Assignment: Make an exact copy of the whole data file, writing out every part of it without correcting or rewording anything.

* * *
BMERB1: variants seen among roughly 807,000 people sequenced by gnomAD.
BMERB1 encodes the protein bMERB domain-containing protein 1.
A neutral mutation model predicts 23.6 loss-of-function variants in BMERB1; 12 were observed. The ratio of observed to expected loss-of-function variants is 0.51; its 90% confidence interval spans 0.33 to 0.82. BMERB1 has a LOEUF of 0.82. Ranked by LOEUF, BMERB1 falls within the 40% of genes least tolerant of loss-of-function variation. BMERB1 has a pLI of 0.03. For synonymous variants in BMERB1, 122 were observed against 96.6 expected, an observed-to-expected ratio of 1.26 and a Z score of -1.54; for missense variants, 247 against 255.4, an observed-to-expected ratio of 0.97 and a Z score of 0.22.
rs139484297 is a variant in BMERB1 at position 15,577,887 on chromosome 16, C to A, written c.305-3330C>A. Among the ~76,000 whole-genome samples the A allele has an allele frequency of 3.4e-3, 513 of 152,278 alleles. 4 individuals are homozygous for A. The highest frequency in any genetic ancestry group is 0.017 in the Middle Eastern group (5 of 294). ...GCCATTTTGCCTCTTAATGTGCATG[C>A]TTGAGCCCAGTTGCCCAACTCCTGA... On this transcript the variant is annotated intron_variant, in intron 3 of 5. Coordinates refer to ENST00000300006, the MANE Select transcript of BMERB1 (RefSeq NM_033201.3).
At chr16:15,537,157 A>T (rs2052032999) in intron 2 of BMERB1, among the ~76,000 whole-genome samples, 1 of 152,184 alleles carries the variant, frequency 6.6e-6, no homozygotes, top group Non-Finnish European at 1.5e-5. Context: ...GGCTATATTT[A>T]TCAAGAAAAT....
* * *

BMERB1: variants seen among roughly 807,000 people sequenced by gnomAD.
BMERB1 encodes the protein bMERB domain-containing protein 1.
A neutral mutation model predicts 23.6 loss-of-function variants in BMERB1; 12 were observed. The ratio of observed to expected loss-of-function variants is 0.51; its 90% confidence interval spans 0.33 to 0.82. BMERB1 has a LOEUF of 0.82. Ranked by LOEUF, BMERB1 falls within the 40% of genes least tolerant of loss-of-function variation. BMERB1 has a pLI of 0.03. For synonymous variants in BMERB1, 122 were observed against 96.6 expected, an observed-to-expected ratio of 1.26 and a Z score of -1.54; for missense variants, 247 against 255.4, an observed-to-expected ratio of 0.97 and a Z score of 0.22.
rs139484297 is a variant in BMERB1 at position 15,577,887 on chromosome 16, C to A, written c.305-3330C>A. Among the ~76,000 whole-genome samples the A allele has an allele frequency of 3.4e-3, 513 of 152,278 alleles. 4 individuals are homozygous for A. The highest frequency in any genetic ancestry group is 0.017 in the Middle Eastern group (5 of 294). ...GCCATTTTGCCTCTTAATGTGCATG[C>A]TTGAGCCCAGTTGCCCAACTCCTGA... On this transcript the variant is annotated intron_variant, in intron 3 of 5. Coordinates refer to ENST00000300006, the MANE Select transcript of BMERB1 (RefSeq NM_033201.3).
At chr16:15,537,157 A>T (rs2052032999) in intron 2 of BMERB1, among the ~76,000 whole-genome samples, 1 of 152,184 alleles carries the variant, frequency 6.6e-6, no homozygotes, top group Non-Finnish European at 1.5e-5. Context: ...GGCTATATTT[A>T]TCAAGAAAAT....